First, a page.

The Ministry of Justice’s ‘goodwill gesture’ to criminal legal aid firms that successfully bid for duty solicitor work has led to calls from new entrants to the market for a level playing field.
Last month justice secretary Michael Gove (pictured) announced he would not introduce a two-tier contracting regime that would have cut the number of criminal defence firms by two-thirds.
Following the announcement, furious firms, including Kent-based Gurney Harden Solicitors, said they were considering whether to seek compensation from the ministry after spending thousands of pounds preparing for the new duty contracts.
However, the Legal Aid Agency has now written to those that successfully bid for new duty contracts to inform them that they are eligible to join additional duty solicitor schemes from 1 April in areas where they have opened an office and hired extra staff.
A spokesperson for the ministry told the Gazette: ‘As a gesture of goodwill, the LAA has decided that the small number of organisations who opened new offices and recruited new staff, at their own risk, in preparation for dual contracting, should be able to take on legal aid work in those areas.’
Gurney Harden director Andrew Gurney said the firm was able to obtain the concession only after it instructed London firm Bindmans, which made representations to the LAA on its behalf.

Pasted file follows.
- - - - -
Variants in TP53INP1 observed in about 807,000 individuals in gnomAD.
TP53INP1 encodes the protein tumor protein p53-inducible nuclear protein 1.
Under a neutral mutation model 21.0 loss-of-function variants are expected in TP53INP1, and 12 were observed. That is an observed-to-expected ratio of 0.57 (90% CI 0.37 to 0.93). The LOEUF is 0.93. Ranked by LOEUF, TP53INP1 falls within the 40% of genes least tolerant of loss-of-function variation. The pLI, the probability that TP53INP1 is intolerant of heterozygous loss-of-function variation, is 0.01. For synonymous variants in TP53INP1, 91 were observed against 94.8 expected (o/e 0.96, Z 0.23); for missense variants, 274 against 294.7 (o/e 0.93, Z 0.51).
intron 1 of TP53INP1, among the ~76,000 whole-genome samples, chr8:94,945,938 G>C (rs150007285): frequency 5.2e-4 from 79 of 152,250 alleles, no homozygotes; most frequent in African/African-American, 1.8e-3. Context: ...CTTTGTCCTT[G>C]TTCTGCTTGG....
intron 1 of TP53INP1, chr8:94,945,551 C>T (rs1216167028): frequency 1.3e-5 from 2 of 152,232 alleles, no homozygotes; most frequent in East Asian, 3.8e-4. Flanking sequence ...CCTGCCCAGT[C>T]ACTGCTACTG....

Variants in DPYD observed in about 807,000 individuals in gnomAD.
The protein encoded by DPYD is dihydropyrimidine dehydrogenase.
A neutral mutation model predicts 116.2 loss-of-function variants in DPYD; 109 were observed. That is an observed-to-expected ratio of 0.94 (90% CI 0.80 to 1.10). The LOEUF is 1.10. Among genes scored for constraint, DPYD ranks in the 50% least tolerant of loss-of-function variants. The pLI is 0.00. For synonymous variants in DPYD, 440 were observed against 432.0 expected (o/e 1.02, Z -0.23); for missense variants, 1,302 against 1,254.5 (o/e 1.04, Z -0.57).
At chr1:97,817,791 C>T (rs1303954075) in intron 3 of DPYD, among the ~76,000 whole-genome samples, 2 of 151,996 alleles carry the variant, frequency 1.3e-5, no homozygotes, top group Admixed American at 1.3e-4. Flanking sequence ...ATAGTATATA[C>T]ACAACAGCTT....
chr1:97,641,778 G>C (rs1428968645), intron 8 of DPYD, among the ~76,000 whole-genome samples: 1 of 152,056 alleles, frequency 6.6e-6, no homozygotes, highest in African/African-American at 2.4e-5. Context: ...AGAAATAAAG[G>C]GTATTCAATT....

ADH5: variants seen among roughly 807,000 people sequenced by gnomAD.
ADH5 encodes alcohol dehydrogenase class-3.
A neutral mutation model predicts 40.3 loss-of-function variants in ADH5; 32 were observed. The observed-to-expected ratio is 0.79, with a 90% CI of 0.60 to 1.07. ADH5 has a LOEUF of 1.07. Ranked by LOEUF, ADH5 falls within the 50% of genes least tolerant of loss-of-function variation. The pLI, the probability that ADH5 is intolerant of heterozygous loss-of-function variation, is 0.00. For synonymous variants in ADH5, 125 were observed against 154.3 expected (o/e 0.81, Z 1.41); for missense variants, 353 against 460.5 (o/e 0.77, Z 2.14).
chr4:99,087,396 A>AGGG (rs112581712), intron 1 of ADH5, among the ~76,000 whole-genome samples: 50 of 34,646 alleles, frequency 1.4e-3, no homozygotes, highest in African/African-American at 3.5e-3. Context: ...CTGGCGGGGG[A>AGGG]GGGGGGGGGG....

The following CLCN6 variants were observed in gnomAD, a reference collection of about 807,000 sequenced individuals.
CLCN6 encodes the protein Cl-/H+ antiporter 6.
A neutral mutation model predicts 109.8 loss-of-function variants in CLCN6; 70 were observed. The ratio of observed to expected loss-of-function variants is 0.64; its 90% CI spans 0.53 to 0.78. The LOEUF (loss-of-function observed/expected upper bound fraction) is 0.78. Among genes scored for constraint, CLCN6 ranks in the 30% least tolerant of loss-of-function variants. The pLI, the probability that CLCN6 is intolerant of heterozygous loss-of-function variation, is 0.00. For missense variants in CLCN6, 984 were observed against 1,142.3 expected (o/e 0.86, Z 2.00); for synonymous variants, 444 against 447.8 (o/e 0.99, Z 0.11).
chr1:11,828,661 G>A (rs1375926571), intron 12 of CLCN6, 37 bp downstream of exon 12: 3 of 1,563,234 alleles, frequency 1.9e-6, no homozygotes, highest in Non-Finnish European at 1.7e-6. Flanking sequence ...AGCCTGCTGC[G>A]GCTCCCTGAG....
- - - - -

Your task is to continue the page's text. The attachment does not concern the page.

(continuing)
However, the latest development has led Walsh Solicitors, which was awarded a 2015 own-client contract, to send the agency a letter before action.
Following the decision to scrap the new 2015 duty and own-client contracts, Burnley firm Walsh was given a licence under the 2010 contract. But it was told it could only apply for a duty scheme based on its main office, and cannot register for duty slots in Blackpool and Cheshire, where it has additional offices.
The firm’s letter states: ‘Walsh Solicitors sees this refusal as anti-competitive and is thus illegal and/or in the alternative unreasonable.
‘Clearly Walsh Solicitors are not on a fair footing as we were unable to add additional offices. As Walsh Solicitors have a licence under the 2010 contract we were not given the opportunity to tender for additional offices.’